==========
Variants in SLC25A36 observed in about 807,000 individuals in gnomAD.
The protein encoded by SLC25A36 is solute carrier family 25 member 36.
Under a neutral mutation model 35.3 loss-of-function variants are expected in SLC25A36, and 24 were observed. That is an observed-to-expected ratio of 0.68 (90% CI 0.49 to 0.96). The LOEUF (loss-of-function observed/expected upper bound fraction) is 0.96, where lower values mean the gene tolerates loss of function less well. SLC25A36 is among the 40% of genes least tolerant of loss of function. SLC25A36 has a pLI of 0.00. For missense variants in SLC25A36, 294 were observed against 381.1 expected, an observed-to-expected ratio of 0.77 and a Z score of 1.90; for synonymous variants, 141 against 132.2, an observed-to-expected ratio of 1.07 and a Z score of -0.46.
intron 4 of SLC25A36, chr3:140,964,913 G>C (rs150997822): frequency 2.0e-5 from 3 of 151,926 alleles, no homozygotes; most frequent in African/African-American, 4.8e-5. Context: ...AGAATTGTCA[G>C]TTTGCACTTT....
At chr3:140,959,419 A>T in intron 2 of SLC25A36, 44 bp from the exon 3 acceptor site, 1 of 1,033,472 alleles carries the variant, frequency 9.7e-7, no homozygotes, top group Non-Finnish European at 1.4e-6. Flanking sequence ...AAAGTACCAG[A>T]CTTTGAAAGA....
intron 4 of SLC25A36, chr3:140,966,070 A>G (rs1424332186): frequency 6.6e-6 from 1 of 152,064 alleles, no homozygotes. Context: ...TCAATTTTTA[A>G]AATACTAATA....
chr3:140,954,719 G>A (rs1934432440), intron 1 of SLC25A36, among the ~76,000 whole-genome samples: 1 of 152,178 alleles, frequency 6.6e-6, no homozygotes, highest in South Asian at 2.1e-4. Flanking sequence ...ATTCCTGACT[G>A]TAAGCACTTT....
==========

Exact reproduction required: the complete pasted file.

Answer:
Variants in SLC25A36 observed in about 807,000 individuals in gnomAD.
The protein encoded by SLC25A36 is solute carrier family 25 member 36.
Under a neutral mutation model 35.3 loss-of-function variants are expected in SLC25A36, and 24 were observed. That is an observed-to-expected ratio of 0.68 (90% CI 0.49 to 0.96). The LOEUF (loss-of-function observed/expected upper bound fraction) is 0.96, where lower values mean the gene tolerates loss of function less well. SLC25A36 is among the 40% of genes least tolerant of loss of function. SLC25A36 has a pLI of 0.00. For missense variants in SLC25A36, 294 were observed against 381.1 expected, an observed-to-expected ratio of 0.77 and a Z score of 1.90; for synonymous variants, 141 against 132.2, an observed-to-expected ratio of 1.07 and a Z score of -0.46.
intron 4 of SLC25A36, chr3:140,964,913 G>C (rs150997822): frequency 2.0e-5 from 3 of 151,926 alleles, no homozygotes; most frequent in African/African-American, 4.8e-5. Context: ...AGAATTGTCA[G>C]TTTGCACTTT....
At chr3:140,959,419 A>T in intron 2 of SLC25A36, 44 bp from the exon 3 acceptor site, 1 of 1,033,472 alleles carries the variant, frequency 9.7e-7, no homozygotes, top group Non-Finnish European at 1.4e-6. Flanking sequence ...AAAGTACCAG[A>T]CTTTGAAAGA....
intron 4 of SLC25A36, chr3:140,966,070 A>G (rs1424332186): frequency 6.6e-6 from 1 of 152,064 alleles, no homozygotes. Context: ...TCAATTTTTA[A>G]AATACTAATA....
chr3:140,954,719 G>A (rs1934432440), intron 1 of SLC25A36, among the ~76,000 whole-genome samples: 1 of 152,178 alleles, frequency 6.6e-6, no homozygotes, highest in South Asian at 2.1e-4. Flanking sequence ...ATTCCTGACT[G>A]TAAGCACTTT....